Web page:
Other political leaders, including City Comptroller Scott Stringer, have since added their voices to a growing chorus that is calling for closing the jail. Supporters of closing Rikers include celebrities like Russell Simmons, Nas, John Legend, Olivia Wilde, Piper Kerman and fellow Orange is the New Black alumnus Emily Althaus.
“For marginalized New Yorkers who were promised a more fair and humane criminal justice system, spending $1 billion to build a new jail on Rikers is another example of de Blasio's bait-and-switch,” says Glenn E. Martin, founder of JustLeadershipUSA, a group advocating the reduction of the American prison population by half, by 2030. “Any further investment in New York's Abu Ghraib would be tantamount to putting lipstick on a pig.”
During her State of the City address, Speaker Viverito also announced the creation of the Independent Commission on New York City Criminal Justice and Incarceration Reform. The Commission is tasked with exploring ways to reduce the number of people imprisoned on Rikers, to move jail facilities off Rikers Island, and alternate uses of the island itself – that is, if the jails are closed, how Rikers Island should be repurposed.
The Commission is chaired by New York’s former chief judge, Jonathan Lippman, who vowed his Commission would “pull no punches” in its final recommendations.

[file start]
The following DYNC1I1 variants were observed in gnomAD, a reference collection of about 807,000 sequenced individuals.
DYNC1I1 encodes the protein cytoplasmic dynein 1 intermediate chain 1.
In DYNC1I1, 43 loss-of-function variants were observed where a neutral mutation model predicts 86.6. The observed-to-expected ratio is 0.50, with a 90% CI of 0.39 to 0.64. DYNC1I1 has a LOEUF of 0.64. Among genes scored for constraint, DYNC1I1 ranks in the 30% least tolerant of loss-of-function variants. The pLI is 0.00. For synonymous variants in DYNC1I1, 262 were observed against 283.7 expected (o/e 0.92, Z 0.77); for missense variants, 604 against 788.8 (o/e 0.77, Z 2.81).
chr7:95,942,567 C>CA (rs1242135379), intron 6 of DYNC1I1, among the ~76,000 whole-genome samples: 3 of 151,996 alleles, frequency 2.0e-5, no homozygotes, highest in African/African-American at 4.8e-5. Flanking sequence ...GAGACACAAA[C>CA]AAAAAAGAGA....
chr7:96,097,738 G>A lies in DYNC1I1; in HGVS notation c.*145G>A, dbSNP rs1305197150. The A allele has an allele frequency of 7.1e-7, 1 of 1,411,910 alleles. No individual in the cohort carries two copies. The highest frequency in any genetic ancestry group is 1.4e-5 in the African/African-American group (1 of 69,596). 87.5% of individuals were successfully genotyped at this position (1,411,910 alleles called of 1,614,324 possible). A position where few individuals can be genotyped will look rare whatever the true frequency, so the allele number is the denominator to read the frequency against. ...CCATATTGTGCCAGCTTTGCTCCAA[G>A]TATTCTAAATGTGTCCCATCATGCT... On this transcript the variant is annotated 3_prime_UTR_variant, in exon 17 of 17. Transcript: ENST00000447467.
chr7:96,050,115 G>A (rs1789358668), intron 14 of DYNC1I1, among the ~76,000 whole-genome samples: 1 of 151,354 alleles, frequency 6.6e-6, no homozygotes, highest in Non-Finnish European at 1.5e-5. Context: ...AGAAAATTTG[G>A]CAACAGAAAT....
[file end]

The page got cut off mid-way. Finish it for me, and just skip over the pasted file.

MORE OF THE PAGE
According to a statement attributed to Judge Lippman on the commission’s website, their task is to re-imagine “a state-of-the-art criminal justice system in New York City that does not rely on a de facto penal colony on the outskirts of town.”
A spokesperson for the Commission, Anna Durrett, said the commission is about halfway through its work, and anticipates releasing a preliminary report in the spring of 2017.
“Any credible path forward,” Durrett added, “must help right the wrongs of mass incarceration.”
In late September, several hundred protesters marched through Queens to the foot of the bridge that leads to Rikers Island and demanded that the long-troubled jail be closed. Among those that joined the protest was Akeem Browder, brother of Kalief Browder, who killed himself after spending three years on Rikers, including two in solitary confinement, for a charge that was ultimately dismissed.
Rikers, Akeem said, is a “constant reminder of what they did to my brother. We need to stop buying a dream that things will change on its own, or that Rikers can be reformed. It is time to close Rikers Island.”
Correction: This report initially stated that the photograph of the construction on Rikers Island was taken in July of 2016. It was in fact taken on June 25, 2016.